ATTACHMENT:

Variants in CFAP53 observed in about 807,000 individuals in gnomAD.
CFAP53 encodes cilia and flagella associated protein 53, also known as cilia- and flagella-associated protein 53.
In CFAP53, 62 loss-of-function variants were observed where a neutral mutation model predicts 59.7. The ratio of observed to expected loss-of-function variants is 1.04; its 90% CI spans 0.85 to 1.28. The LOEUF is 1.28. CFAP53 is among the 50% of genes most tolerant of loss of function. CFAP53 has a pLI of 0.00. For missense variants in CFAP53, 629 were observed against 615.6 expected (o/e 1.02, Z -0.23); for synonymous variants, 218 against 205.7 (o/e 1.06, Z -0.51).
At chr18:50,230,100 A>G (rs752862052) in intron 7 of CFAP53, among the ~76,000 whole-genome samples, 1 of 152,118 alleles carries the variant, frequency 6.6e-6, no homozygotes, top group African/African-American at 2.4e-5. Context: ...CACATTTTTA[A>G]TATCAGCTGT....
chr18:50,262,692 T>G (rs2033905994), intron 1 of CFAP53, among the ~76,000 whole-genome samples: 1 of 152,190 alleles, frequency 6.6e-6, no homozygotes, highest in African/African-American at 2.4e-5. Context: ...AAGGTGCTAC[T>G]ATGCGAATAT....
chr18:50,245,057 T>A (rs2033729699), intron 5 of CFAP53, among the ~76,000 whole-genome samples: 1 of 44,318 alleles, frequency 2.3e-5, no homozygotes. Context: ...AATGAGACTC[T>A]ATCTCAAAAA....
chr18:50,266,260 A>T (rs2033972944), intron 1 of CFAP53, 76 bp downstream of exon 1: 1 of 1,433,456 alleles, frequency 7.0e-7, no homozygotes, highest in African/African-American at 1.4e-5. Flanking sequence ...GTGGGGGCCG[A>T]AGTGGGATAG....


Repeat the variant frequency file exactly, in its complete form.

Variants in CFAP53 observed in about 807,000 individuals in gnomAD.
CFAP53 encodes cilia and flagella associated protein 53, also known as cilia- and flagella-associated protein 53.
In CFAP53, 62 loss-of-function variants were observed where a neutral mutation model predicts 59.7. The ratio of observed to expected loss-of-function variants is 1.04; its 90% CI spans 0.85 to 1.28. The LOEUF is 1.28. CFAP53 is among the 50% of genes most tolerant of loss of function. CFAP53 has a pLI of 0.00. For missense variants in CFAP53, 629 were observed against 615.6 expected (o/e 1.02, Z -0.23); for synonymous variants, 218 against 205.7 (o/e 1.06, Z -0.51).
At chr18:50,230,100 A>G (rs752862052) in intron 7 of CFAP53, among the ~76,000 whole-genome samples, 1 of 152,118 alleles carries the variant, frequency 6.6e-6, no homozygotes, top group African/African-American at 2.4e-5. Context: ...CACATTTTTA[A>G]TATCAGCTGT....
chr18:50,262,692 T>G (rs2033905994), intron 1 of CFAP53, among the ~76,000 whole-genome samples: 1 of 152,190 alleles, frequency 6.6e-6, no homozygotes, highest in African/African-American at 2.4e-5. Context: ...AAGGTGCTAC[T>G]ATGCGAATAT....
chr18:50,245,057 T>A (rs2033729699), intron 5 of CFAP53, among the ~76,000 whole-genome samples: 1 of 44,318 alleles, frequency 2.3e-5, no homozygotes. Context: ...AATGAGACTC[T>A]ATCTCAAAAA....
chr18:50,266,260 A>T (rs2033972944), intron 1 of CFAP53, 76 bp downstream of exon 1: 1 of 1,433,456 alleles, frequency 7.0e-7, no homozygotes, highest in African/African-American at 1.4e-5. Flanking sequence ...GTGGGGGCCG[A>T]AGTGGGATAG....